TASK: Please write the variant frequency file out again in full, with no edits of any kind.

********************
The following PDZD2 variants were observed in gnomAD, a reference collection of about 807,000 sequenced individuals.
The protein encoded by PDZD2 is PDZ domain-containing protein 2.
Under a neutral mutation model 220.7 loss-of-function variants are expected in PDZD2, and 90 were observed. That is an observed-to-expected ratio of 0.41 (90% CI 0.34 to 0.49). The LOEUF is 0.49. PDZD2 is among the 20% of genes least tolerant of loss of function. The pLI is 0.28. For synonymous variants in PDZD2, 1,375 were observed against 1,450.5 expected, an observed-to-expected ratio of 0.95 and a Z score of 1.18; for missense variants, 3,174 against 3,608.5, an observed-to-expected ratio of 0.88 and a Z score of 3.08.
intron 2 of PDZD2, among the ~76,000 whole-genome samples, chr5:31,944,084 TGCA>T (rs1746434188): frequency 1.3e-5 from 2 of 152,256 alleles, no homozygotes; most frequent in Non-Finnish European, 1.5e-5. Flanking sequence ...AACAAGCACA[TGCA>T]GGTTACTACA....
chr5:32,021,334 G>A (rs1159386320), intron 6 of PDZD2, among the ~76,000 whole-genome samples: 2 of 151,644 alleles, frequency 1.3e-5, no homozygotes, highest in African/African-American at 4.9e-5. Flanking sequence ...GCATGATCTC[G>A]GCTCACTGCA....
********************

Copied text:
The following PDZD2 variants were observed in gnomAD, a reference collection of about 807,000 sequenced individuals.
The protein encoded by PDZD2 is PDZ domain-containing protein 2.
Under a neutral mutation model 220.7 loss-of-function variants are expected in PDZD2, and 90 were observed. That is an observed-to-expected ratio of 0.41 (90% CI 0.34 to 0.49). The LOEUF is 0.49. PDZD2 is among the 20% of genes least tolerant of loss of function. The pLI is 0.28. For synonymous variants in PDZD2, 1,375 were observed against 1,450.5 expected, an observed-to-expected ratio of 0.95 and a Z score of 1.18; for missense variants, 3,174 against 3,608.5, an observed-to-expected ratio of 0.88 and a Z score of 3.08.
intron 2 of PDZD2, among the ~76,000 whole-genome samples, chr5:31,944,084 TGCA>T (rs1746434188): frequency 1.3e-5 from 2 of 152,256 alleles, no homozygotes; most frequent in Non-Finnish European, 1.5e-5. Flanking sequence ...AACAAGCACA[TGCA>T]GGTTACTACA....
chr5:32,021,334 G>A (rs1159386320), intron 6 of PDZD2, among the ~76,000 whole-genome samples: 2 of 151,644 alleles, frequency 1.3e-5, no homozygotes, highest in African/African-American at 4.9e-5. Flanking sequence ...GCATGATCTC[G>A]GCTCACTGCA....